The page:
Monday, September 29, 2014

Vegans Can Eat (Almost) Anywhere


Mofo is winding down, and I must admit that, even though I have more pantry meals planned, I've also been eating out a LOT lately. Sometimes, life just takes you to a restaurant. But you'll likely see more pantry meals on into October, even though Mofo will be over.

But tonight, I want to talk a little about dining out as a vegan. I'd say one of the most frequent questions I get asked is, "Isn't it hard living in Memphis and trying to find vegan food in restaurants?" My answer is always an emphatic "No way!" As you can probably tell from my past posts and my Bluff City Vegan Eats series, Memphis is actually a very vegan-friendly city. Check out my Memphis vegan dining guide.

We have three totally vegan restaurants — Imagine Vegan Cafe, Two Vegan Sistas, and Cosmic Coconut — and a huge list of vegan-friendly eateries offering special vegan menus, vegan cheese, vegan desserts, and all sorts of delicious options. But like most cities, we also have those places that just don't seem to cater to vegans — BBQ joints, soul food restaurants, New Orleans-style cafes, steakhouses. What's a vegan to do when she ends up joining her omni friends at a place without obvious vegan options?

You make a meal! That's what. I have this theory that vegans can eat (almost) anywhere. It just takes a little creativity and a willingness to speak up and let your server and chef know about your special needs. That's what I did tonight at the VIP soft opening for Lafayette's Music Room in Overton Square. This is a new music venue fashioned after a 1970s venue of the same name. And the menu is New Orleans-style seafood and po'boys. At first glance, not one dish is vegan.

But there are a couple salads that, ordered without the cheese, look to be vegan. For my starter, I opted for the Lafayette's Salad with bibb lettuce, roasted tomatoes, crispy strips, and citrus vinaigrette.


Now, I can't say with certainty that the wonton strips are vegan, but many of those salad wonton strips are. With things like that, I just hope for the best. This was delicious! The roasted tomatoes paired so well with the citrus dressing, and that bibb lettuce was so tender.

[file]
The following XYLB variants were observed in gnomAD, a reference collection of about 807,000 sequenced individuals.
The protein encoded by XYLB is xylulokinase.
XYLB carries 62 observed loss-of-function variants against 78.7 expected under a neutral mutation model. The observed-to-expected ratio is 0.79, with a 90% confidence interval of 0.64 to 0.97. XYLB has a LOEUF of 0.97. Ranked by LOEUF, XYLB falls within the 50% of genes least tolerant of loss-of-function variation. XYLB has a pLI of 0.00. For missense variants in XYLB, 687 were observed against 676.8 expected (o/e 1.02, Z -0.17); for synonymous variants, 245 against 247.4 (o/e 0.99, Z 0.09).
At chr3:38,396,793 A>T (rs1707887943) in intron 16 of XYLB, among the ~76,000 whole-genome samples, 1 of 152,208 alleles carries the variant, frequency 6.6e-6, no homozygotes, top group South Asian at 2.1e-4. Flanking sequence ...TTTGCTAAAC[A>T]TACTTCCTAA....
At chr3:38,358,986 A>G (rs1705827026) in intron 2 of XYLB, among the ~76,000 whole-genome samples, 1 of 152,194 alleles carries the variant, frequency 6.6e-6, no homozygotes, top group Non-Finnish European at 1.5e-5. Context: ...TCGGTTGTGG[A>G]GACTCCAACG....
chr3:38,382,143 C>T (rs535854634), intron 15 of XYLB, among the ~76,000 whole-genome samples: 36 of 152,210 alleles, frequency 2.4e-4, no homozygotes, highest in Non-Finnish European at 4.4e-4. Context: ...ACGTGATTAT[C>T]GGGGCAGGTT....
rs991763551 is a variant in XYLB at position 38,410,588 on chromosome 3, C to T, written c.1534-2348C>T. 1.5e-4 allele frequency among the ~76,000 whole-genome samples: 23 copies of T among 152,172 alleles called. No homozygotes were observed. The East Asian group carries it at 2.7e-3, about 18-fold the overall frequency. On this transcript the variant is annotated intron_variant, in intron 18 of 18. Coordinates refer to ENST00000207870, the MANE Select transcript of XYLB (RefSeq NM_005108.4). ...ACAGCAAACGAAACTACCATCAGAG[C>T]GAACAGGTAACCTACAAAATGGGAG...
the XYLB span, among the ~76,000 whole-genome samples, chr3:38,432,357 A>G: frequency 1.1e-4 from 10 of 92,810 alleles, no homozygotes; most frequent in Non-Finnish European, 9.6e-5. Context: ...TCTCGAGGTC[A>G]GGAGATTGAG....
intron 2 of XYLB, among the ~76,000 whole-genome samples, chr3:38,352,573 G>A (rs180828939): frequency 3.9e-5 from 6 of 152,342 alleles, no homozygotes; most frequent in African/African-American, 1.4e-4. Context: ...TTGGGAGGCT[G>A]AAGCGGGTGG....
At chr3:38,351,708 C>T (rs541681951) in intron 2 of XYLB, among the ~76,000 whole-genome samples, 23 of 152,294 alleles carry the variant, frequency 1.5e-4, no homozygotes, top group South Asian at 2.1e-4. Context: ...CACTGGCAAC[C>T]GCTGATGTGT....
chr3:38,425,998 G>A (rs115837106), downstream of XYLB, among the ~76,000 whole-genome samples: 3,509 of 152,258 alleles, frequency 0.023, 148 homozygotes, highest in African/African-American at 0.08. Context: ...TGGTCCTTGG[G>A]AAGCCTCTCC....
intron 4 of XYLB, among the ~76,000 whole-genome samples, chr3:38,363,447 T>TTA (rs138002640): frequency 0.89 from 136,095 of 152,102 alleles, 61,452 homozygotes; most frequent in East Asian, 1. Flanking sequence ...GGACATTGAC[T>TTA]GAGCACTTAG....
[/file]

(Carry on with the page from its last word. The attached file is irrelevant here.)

For my main, it took a little more creativity. The only pizzas on the limited soft opening menu were a Cajun Crawfish Pizza, a Buffalo Chicken Pizza, and a Shrimp & Andouille Pizza. But after informing my server that I was vegan, here's what we came up with.


It's a simple Vegetable Pizza with marinara, diced onion, diced tomato, and diced bell pepper. It may not be loaded with vegan cheese like a pizza I'd make at home, but sometimes, I enjoy a cheese-less pizza. The original Italian pizza napoletana is just made from dough with tomato sauce, oregano or basil, a little garlic, salt, and olive oil. And that's not much different from this pie. Plus, this was wood-fired, and the lack of cheese really allowed the delicious flatbread to shine.

Working with the chef and server may not work in every restaurant every time, but I'd guess that it works about 90 percent of the time. And when all else fails, there's typically always fries and salad. I wouldn't want to eat fries and salad every day, but I'm not lying when I say that I do enjoy that vegan desperation dinner from time to time.

What are your favorite ways to tweak non-vegan menus?

2 comments:

Michele Scott said...

I did my master's thesis (in part) on this very subject, at the UofM :) I miss Memphis every day and love your blog for making me feel "home" for a few moments each morning!

vegan.in.brighton said...

I love a no-cheese pizza occasionally especially when the dough looks that good.